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HPBCD is a unique component in Janssen’s COVID-19 vaccine candidate

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Amongst Janssen’s novel single-dose Covid-19 vaccine candidate of adenovirus platform excipients one might notice a peculiar compound: Hydroxypropyl Betadex (HPBCD). Janssen, holding territorial exclusivity in USA for pharmaceutical use of HPBCD until June 2019, incorporated this cyclodextrin into their monovalent vaccine (first encoded Ad26.COV2.S – now simply called “Janssen Covid-19 vaccine”) composed of a recombinant, replication-incompetent adenovirus type 26 (Ad26) vector, constructed to encode the severe acute respiratory syndrome coronavirus-2 (SARS-CoV-2) spike protein. Other excipients used for the product are as follows: sodium chloride, citric acid monohydrate, polysorbate 80, sodium hydroxide [1].

The purpose of using HPBCD in Janssen Covid-19 vaccine has not been disclosed in any public document (related patent application has not been published yet), but it is claimed that this Covid-19 vaccine was developed based on the company’s AdVac® vaccine platform. This platform was also used to develop and manufacture Janssen’s European Commission-approved Ebola vaccines (Zabdeno and Mvabea) and to construct its Zika, RSV, and HIV investigational vaccine candidates. Marketed Zabdeno and Mvabea products – however – do not contain HPBCD.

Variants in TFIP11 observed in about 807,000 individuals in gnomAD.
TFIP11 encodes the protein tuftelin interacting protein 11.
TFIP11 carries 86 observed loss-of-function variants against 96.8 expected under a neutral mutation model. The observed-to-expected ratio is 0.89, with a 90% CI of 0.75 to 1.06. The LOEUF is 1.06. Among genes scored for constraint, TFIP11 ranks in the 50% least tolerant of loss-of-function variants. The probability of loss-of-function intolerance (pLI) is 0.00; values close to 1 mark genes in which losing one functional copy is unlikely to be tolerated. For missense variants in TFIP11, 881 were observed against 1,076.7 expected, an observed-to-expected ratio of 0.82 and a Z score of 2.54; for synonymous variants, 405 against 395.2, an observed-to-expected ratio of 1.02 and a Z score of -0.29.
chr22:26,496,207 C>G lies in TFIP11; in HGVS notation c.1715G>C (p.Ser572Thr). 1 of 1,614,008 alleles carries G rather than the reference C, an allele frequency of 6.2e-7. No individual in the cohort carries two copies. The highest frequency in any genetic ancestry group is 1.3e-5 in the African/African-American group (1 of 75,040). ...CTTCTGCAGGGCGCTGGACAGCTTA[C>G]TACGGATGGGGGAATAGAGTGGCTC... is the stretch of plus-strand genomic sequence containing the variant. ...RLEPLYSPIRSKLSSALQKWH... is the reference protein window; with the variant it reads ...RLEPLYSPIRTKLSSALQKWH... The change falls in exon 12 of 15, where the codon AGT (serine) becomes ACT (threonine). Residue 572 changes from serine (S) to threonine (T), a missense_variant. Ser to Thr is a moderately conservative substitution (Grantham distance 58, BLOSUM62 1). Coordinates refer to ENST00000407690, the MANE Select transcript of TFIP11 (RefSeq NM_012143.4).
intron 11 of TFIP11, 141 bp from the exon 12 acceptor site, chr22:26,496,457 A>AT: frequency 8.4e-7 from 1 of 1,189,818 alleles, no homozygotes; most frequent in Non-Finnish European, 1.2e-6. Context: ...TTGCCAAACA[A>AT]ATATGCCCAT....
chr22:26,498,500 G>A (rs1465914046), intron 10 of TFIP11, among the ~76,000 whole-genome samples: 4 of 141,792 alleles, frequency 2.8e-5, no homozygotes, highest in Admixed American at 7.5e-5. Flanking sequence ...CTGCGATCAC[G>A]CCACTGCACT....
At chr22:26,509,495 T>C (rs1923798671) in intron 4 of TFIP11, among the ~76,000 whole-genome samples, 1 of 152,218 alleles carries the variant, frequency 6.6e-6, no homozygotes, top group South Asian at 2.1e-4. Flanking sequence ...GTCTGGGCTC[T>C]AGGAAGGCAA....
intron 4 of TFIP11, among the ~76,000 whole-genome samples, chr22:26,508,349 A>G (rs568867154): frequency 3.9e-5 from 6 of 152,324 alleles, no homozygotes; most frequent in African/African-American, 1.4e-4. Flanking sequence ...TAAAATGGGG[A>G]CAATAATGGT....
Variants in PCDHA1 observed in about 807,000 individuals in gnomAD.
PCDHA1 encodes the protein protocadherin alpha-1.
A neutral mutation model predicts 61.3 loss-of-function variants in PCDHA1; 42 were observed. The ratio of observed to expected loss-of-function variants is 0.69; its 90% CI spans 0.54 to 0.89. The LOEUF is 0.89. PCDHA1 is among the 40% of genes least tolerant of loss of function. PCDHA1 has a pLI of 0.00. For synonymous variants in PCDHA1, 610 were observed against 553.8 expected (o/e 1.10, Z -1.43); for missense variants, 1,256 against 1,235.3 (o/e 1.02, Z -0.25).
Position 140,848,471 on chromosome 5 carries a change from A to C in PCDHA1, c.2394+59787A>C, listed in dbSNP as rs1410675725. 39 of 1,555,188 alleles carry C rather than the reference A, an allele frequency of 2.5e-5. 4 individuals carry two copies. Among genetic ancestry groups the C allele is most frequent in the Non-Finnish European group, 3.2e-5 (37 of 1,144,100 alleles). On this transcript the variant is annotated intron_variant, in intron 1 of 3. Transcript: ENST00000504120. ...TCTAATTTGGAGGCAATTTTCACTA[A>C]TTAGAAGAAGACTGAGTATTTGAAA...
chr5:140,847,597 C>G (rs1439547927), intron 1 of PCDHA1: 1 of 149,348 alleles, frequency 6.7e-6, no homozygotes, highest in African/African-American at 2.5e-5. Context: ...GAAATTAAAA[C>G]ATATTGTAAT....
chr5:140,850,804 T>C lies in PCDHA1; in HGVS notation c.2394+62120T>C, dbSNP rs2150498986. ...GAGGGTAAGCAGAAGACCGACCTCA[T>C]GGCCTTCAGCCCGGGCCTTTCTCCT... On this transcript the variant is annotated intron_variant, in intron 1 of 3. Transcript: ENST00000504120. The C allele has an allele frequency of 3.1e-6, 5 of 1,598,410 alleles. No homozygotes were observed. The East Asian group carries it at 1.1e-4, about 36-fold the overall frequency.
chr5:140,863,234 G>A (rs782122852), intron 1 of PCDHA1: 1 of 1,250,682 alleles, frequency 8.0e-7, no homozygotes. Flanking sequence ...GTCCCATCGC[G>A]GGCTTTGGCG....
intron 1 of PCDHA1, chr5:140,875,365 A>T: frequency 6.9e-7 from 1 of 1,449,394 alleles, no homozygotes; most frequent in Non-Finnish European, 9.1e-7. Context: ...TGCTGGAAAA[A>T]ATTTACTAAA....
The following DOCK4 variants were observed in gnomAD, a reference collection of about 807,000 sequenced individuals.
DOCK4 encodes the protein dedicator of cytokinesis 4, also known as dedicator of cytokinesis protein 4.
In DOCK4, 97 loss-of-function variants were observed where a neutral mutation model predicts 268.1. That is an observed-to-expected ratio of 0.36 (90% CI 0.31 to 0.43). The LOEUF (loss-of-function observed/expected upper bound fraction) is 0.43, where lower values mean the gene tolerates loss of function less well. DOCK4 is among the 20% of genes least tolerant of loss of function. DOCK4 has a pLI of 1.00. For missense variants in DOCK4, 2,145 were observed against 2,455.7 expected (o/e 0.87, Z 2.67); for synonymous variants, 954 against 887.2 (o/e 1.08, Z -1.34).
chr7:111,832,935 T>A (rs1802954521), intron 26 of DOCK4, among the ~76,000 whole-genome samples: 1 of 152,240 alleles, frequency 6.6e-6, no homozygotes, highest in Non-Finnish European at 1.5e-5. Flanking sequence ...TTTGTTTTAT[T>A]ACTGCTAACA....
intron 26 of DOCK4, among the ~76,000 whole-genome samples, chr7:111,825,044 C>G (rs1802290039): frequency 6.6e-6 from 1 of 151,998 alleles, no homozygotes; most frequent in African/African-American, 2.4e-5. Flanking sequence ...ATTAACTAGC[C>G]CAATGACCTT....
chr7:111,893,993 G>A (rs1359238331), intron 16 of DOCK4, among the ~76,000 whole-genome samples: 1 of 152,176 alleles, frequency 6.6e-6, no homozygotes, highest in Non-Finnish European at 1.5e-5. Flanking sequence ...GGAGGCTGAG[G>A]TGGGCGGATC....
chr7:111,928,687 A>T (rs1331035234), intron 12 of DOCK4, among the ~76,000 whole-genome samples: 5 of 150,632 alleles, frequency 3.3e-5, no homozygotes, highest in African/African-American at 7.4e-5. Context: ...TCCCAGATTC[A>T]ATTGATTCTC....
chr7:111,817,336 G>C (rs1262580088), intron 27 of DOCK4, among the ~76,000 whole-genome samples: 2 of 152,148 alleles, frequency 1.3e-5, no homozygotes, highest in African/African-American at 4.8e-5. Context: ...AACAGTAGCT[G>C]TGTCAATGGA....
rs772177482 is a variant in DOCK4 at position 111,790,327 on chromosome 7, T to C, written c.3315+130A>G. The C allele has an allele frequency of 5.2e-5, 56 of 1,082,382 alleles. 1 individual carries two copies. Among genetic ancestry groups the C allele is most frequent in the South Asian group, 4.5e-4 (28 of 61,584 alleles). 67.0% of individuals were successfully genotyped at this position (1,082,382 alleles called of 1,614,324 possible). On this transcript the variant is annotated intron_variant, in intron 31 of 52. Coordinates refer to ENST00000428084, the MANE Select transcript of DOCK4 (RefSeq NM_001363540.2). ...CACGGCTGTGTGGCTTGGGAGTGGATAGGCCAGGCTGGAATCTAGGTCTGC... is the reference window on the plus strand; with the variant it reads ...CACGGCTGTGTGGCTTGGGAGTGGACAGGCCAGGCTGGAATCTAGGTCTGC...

In the patent application of Janssen’s HIV vaccine candidate (WO2017216288) the use of HPBCD is mentioned, however its function is unfortunately not fully justified: “Another formulation buffer that is suitable for recombinant adenovirus comprises 10-25 mM citrate buffer pH 5.9-6.2, 4-6% (w/w) hydroxypropyl-beta-cyclodextrin (HBCD), 70-100 mM NaCl, 0.018-0.035% (w/w) polysorbate-80, and optionally 0.3-0.45%) (w/w) ethanol.” It may be anticipated though, that HPBCD acts as a effective protein stabilizer hindering aggregation and adsorption onto the container wall.

Decision on the approval of the Janssen Covid-19 vaccine candidate may be expected in mid-March in EU (conditional marketing authorisation) and late February in US (emergency use authorization).

[1] Mariana C. Castells and Elizabeth J. Phillips: The New England Journal of Medicine 2021; 384: 643-9.


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